When the last product is removed from the pallet at the picking face in a supply lane, the empty pallet must be removed and disposed of, so that the feed means may present the next loaded pallet to the picking face and order picking may continue. The removal and disposal of the empty pallet often causes a difficulty for the order-picking operative, since the standard pallet is a bulky structure weighing some 30 kg.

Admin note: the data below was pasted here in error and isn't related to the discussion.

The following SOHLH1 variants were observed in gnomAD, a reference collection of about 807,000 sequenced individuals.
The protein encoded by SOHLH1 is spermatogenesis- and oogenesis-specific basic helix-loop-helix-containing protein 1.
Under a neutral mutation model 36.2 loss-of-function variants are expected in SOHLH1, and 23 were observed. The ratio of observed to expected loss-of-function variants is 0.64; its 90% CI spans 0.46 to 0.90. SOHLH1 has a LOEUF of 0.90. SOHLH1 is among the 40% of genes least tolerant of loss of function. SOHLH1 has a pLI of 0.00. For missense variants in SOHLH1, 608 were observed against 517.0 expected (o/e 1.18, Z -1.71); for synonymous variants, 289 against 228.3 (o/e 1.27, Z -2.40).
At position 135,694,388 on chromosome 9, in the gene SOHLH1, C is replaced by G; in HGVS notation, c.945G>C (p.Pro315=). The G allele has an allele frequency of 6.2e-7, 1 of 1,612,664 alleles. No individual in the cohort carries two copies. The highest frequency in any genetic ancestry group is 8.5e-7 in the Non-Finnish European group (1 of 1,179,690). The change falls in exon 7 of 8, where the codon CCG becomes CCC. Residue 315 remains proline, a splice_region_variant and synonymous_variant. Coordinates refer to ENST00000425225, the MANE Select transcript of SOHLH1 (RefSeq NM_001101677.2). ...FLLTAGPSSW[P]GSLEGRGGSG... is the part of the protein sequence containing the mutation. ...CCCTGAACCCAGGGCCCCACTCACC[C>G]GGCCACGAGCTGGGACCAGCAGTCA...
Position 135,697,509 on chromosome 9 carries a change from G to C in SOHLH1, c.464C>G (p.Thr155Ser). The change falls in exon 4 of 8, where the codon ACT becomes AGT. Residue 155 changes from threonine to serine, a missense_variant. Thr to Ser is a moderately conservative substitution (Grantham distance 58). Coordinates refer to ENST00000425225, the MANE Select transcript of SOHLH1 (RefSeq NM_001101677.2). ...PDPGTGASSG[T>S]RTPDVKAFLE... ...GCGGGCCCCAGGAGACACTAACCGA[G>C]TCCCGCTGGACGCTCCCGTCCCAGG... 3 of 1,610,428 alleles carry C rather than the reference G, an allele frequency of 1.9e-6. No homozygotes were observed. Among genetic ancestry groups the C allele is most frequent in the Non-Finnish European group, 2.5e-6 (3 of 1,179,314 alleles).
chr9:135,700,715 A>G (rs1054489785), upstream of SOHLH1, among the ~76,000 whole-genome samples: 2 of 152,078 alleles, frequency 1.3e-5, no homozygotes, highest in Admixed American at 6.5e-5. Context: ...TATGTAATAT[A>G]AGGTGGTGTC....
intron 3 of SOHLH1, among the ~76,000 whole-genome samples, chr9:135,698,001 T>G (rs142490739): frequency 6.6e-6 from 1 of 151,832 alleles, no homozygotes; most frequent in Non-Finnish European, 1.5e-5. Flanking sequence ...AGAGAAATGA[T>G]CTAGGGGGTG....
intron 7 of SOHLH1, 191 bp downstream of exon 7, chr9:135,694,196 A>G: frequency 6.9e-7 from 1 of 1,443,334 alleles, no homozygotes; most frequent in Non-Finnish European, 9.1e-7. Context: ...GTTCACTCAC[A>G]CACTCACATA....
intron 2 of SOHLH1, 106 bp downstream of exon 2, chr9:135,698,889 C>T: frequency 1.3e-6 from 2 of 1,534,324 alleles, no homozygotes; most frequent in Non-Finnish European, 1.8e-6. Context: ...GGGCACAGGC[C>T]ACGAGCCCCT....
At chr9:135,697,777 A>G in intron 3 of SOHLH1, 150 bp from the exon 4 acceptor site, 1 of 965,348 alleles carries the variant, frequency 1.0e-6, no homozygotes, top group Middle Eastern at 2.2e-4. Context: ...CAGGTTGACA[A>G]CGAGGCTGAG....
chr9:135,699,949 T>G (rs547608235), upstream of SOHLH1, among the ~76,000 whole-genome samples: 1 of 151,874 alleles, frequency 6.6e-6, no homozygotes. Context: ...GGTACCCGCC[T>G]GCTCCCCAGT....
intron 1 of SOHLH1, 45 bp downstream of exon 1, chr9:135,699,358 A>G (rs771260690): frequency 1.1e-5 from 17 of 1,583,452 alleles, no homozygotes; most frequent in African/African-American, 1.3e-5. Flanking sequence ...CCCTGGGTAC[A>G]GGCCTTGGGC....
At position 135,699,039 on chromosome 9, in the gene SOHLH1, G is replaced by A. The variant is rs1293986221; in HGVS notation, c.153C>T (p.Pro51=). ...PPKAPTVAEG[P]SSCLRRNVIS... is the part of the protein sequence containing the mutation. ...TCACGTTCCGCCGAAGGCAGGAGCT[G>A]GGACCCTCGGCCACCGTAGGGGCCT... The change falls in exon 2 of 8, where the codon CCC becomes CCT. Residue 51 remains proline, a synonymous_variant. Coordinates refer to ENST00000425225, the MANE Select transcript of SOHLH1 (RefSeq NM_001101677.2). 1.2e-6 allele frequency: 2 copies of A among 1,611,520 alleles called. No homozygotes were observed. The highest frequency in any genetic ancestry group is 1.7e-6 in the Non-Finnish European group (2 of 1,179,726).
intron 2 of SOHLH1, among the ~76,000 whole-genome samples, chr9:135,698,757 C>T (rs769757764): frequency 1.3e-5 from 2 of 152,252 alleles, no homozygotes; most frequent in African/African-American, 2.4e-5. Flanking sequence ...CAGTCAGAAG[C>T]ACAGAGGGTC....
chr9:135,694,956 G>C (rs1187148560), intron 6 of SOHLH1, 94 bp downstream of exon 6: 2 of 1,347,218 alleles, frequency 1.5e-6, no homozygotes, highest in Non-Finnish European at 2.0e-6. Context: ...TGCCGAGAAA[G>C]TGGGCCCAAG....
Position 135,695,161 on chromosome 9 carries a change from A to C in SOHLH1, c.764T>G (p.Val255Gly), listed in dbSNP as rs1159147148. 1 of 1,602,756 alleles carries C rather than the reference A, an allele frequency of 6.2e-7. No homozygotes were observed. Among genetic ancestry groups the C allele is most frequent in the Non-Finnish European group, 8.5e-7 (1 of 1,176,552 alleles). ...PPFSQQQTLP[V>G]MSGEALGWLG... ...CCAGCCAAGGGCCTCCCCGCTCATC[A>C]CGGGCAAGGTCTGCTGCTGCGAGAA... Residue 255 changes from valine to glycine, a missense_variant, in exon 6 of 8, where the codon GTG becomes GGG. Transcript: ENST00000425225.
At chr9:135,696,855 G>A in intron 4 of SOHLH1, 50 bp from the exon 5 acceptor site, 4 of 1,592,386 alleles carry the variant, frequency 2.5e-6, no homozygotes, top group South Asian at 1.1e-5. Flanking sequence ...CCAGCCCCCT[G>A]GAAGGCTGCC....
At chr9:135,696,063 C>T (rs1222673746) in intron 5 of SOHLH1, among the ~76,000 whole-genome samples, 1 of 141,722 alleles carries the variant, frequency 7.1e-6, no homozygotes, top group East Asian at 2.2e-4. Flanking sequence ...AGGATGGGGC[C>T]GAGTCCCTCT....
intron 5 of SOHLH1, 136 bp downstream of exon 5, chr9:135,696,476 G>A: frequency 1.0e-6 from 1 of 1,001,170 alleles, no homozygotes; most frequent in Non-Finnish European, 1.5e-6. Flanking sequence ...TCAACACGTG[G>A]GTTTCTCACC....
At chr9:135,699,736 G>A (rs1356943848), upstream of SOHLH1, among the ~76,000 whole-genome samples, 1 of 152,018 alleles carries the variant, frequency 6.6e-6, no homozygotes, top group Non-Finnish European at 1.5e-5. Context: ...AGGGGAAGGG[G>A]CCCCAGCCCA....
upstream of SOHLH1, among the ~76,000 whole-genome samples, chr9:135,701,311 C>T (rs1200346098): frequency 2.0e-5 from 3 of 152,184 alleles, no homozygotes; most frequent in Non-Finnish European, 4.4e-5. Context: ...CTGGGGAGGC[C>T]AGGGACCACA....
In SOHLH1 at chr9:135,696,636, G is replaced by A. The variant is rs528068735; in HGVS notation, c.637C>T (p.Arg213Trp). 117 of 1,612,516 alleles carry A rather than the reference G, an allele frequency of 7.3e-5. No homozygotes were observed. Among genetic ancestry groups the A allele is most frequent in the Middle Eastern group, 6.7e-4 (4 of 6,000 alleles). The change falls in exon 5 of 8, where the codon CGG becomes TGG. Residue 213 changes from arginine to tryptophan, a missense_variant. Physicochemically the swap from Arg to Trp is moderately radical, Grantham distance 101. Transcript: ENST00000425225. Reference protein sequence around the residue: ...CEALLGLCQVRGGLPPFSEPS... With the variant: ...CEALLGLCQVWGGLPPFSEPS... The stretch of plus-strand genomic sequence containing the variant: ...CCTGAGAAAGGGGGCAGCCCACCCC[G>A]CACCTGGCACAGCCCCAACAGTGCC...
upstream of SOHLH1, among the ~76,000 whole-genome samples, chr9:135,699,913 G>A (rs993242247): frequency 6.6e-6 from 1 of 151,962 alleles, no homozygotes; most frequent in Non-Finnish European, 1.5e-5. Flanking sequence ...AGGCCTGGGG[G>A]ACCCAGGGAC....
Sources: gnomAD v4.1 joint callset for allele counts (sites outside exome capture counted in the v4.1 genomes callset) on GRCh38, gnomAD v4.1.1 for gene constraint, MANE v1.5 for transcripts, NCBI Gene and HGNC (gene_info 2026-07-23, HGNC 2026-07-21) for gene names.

Conventional product supply lanes comprise rollers arranged in an inclined plane falling towards the picking face, the axes of the rollers being substantially perpendicular to the direction of inclination of the plane. Pallets placed on the rows of rollers move down the inclined plane towards the picking face. A releasable arrester is provided in the supply lane, spaced from the picking face by a distance slightly greater than the corresponding dimension of a pallet. A stop means is provided at the end of the supply lane, to position a pallet at the picking face. When loaded pallets are placed on the rollers at the entry end of the supply lane, the first loaded pallet will move down the rollers to contact the arrester. Subsequent loaded pallets placed in the supply lane move down to abut the pallet which is stopped by the arrester. To present a pallet to the picking face, the operative releases the arrester to allow one pallet to pass, the arrester then engaging the second pallet to prevent its passing. The first pallet moves down to the picking face and contacts the stop means, ensuring that it is correctly positioned for order picking. The arrester is so positioned that there is a clearance between the pallet at the picking face and the next pallet in the supply lane.